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1 minute ago, ALarson said:

That's funny.....but, ok.  I won't derail the thread by quoting the hundreds of posts made by smac using the terms "good faith" as a way of expressing support for church leaders and teachings. 

I only inquired if you could cite even one. That shouldn't be hard if you have a pool of "hundreds" to choose from.

But if it makes you uncomfortable, by all means let's move on.

 

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Just now, ALarson said:

Of course I have (you just disagree).  

Well, no.  I am fine with having disagreements over substantive reasoning.

I just haven't seen much in the way of substantive reasoning.  Just conclusory "it makes no sense to me" statements, repeated personal opinion, and loaded rhetorical questions.

Just now, ALarson said:

I simply have seen no explanation that has been given so far (for the implementation of the policy) that makes good sense to me or even justifies the harm it's caused. 

"That makes good sense to me" is pretty much all you have to offer.  I'll leave you to it, then.

Just now, ALarson said:

I've seen nothing good come from it, but personally know many members who it caused pain and even contention within their families.  I have not seen any good that balances out the harm.

For the third time, I decline to frame the policy in a "what good has come from it" context.  The Church has policies in place for all sorts of difficult or controversial things.  It's weird to frame the enactment and application of those policies in a "what good has come from it" kind of way.  (For the record, I can think of some "good results.")

Just now, ALarson said:

We can each only speak from our own personal experiences.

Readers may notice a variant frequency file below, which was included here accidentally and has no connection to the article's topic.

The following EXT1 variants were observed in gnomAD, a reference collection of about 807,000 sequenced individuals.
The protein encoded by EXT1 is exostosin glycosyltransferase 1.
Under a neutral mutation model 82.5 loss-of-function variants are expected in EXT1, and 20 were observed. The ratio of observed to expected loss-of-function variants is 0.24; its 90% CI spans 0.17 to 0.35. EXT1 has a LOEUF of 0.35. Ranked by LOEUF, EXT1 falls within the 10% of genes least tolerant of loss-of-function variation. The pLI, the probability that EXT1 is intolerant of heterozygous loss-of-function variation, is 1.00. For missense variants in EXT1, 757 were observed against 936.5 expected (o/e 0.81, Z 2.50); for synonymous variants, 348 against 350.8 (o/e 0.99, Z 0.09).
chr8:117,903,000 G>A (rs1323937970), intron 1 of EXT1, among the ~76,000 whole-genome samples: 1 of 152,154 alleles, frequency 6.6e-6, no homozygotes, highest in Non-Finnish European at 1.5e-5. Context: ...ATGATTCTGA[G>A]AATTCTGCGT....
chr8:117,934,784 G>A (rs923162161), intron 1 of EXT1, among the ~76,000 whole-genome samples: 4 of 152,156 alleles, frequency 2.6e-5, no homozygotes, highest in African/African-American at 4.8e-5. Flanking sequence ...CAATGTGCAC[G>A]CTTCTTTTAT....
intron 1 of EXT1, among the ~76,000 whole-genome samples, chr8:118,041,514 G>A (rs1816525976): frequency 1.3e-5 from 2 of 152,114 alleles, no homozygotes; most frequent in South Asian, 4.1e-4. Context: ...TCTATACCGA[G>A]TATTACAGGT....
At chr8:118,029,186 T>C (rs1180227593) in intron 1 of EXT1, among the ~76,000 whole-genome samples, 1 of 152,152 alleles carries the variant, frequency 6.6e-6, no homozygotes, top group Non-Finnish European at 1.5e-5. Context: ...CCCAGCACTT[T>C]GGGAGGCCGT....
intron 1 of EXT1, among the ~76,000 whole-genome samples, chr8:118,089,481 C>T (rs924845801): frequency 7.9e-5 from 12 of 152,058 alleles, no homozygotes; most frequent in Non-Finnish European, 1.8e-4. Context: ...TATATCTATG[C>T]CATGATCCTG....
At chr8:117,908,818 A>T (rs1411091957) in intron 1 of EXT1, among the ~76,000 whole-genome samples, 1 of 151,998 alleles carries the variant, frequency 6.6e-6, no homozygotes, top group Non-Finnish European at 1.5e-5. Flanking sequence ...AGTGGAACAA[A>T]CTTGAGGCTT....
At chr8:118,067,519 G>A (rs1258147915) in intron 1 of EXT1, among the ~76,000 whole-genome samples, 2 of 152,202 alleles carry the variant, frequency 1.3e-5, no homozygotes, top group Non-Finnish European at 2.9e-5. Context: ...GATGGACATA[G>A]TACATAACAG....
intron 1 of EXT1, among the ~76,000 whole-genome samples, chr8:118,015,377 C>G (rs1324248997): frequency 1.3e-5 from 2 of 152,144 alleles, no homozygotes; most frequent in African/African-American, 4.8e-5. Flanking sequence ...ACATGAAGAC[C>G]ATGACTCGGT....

That's simply not so.  We can speak about a lot more than that.

Weirdly, just a few months ago, you and I were having a nearly identical discussion about this issue.  I said: "I'll defer to the explanation from the Brethren.  None of us are situated to provide anything other than isolated anecdotes, which can just as easily be dismissed as 'ring{ing} pretty hollow.'"  You responded: "I disagree that 'none of us are situated to provide anything other than isolated anecdotes'."

So which is it?  "We can each only speak from our own personal experiences" or "I disagree that 'none of us are situated to provide anything other than isolated anecdotes'"?

The General Authorities have provided some substantive explanation as to how they arrived at the decision to implement the policy changes.  We could discuss those.  But . . . we're not.

Just now, ALarson said:

Maybe you have actually personally seen some good come from the policy.  

You and I had a similar discussion on this issue a few months ago, during which you wanted to focus solely on anecdotes rather than on the explanations given by the brethren:

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Can you name one instance where there was a case of "real harm" taking place or do you just believe there were "potential harms"?  

I'll defer to the explanation from the Brethren.  None of us are situated to provide anything other than isolated anecdotes, which can just as easily be dismissed as "ring{ing} pretty hollow."

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Has our Prophet or any leaders given any specific examples of real members who were experiencing "real harm" that made it necessary to implement this new policy?